Director: James Watkins
Starring: Daniel Radcliffe, Janet McTeer and Ciaran Hinds
In The Woman in Black, Daniel Radcliffe plays Arthur Kipps, a recently widowed single parent. Therein lies the first glaring flaw at the centre of The Woman in Black and it is the assertion that somebody as young as Radcliffe could have a four year old son and a dead wife which for many audience members will be their largest suspension of disbelief, in a film about the supernatural. Kipps has gone to a remote village, in order to organize the papers of a recently deceased woman, in her creepy, isolated house. However the warnings of the locals and the mysterious, sudden suicides of children make Kipps consider that he perhaps should stay the night alone, at the house everybody tells him to avoid.
The Woman in Black is an old-school horror film in approach and design. This film has little to no blood and instead relies on performances, camera angles, sound and an atmosphere to generate its jolts out of the audience. The film has eerily beautiful gothic, Victorian design and is covertly commendable in the art direction and costume departments. The house itself, which lingers forebodingly on the village and film, states the case for the recognition of the artwork of this film.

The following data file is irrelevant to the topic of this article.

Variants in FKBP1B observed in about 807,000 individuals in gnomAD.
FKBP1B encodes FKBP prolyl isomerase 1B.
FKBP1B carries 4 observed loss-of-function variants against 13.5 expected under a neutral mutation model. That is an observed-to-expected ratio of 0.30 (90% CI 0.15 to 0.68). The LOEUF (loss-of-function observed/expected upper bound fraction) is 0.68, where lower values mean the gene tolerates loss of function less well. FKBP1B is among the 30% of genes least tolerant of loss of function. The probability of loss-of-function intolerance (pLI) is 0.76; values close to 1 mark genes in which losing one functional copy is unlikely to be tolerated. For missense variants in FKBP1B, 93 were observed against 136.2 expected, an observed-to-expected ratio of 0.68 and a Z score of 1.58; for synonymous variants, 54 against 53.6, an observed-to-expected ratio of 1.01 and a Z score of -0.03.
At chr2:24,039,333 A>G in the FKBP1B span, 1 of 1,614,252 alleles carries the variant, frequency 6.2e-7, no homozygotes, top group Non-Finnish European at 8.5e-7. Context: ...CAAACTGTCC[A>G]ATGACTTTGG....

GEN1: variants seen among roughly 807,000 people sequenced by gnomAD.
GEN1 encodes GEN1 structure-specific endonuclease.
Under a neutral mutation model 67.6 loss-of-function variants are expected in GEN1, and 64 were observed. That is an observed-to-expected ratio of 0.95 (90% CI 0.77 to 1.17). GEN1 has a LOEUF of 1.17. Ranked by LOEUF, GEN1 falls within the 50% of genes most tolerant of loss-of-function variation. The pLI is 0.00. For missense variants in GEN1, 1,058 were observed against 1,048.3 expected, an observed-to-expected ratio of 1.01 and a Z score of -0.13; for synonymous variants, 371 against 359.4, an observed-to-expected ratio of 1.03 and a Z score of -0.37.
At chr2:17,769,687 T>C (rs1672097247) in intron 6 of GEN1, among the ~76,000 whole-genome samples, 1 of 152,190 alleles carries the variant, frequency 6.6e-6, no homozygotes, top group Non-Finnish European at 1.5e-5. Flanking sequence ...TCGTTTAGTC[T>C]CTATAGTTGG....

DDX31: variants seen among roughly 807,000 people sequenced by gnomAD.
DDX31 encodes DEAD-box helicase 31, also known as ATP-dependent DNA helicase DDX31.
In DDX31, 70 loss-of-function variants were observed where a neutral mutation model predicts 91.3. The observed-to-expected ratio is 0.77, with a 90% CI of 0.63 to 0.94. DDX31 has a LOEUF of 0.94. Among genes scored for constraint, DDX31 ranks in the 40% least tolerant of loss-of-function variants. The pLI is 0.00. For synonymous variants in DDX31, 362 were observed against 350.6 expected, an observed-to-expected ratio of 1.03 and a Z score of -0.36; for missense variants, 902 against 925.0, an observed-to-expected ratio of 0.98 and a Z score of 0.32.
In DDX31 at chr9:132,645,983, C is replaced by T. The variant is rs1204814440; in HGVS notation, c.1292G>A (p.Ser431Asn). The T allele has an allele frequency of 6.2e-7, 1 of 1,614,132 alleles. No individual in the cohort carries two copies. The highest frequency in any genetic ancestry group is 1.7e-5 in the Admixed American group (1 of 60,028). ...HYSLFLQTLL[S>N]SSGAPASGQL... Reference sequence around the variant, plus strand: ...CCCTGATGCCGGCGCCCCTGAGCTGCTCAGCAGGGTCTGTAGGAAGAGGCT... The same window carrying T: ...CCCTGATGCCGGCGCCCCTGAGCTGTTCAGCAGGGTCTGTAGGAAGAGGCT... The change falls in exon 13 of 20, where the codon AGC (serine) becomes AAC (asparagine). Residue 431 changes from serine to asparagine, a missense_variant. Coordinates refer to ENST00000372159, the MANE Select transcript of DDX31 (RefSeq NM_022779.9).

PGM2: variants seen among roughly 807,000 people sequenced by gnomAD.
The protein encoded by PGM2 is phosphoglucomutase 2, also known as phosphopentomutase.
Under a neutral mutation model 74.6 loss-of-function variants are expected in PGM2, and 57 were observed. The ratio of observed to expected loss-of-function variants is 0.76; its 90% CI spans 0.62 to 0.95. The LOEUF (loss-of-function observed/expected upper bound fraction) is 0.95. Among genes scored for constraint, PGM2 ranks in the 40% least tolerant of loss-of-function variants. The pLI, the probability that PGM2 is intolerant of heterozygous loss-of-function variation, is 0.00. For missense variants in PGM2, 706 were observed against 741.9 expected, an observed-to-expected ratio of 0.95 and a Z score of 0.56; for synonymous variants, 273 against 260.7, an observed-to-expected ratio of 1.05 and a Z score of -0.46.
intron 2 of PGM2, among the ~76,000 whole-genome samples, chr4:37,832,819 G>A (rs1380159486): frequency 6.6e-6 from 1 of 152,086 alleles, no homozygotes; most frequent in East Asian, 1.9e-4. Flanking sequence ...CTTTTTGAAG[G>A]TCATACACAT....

At times you get the feeling that director James Watkins doesn’t quite exploit his surroundings as much as he could, however he gets good performances and constructs a credibly creepy tone. Where his direction is arguably most lacking is in is adhering to the conventions and clichés of horror movies. The more horror movies you have seen, the less scary this film is. There are many jump scares, which while admittedly well done and on occasion surprising are incredibly predictable for even a horror movie novice. The fact that the movie recycles a lot of the same tricks means that at times when it comes to the horror. The Woman in Black is a rather repetitive, clichéd experience.
As a sixteen year old who has slowly but surely built-up his horror movie viewing history, I found myself greatly appreciating the design and approach of The Woman in Black, thinking that if I had seen this film when I was ten, it would be the scariest thing I had ever seen and I probably would have had trouble sleeping. In the U.K. (Where the film has been a huge financial success) the film was modified in order to get a 12A rating (The equivalent of a PG-13) While done obviously for economic reasons, the rating has relative credence due to its lack of excessive, lingering shots of blood, nudity, language or drug use. However it is the imagery and mood of The Woman in Black that makes it scary and got it an initial U.K. age rating of 15.
While some parents may criticize or fail to understand the decision, I feel that it is not just the producers who will be thanking the BBFC for their cooperation and decision. The Woman in Black would be a great introductory horror film for a young, ten, eleven or twelve year old. The jump scares and plot would have been less predictable and the film much scarier as a result. However there are moments late into The Woman in Black (More specifically the ending scene) where despite the fact what happened, I wanted to happen and saw coming, still sent a chill down my spine due to its execution.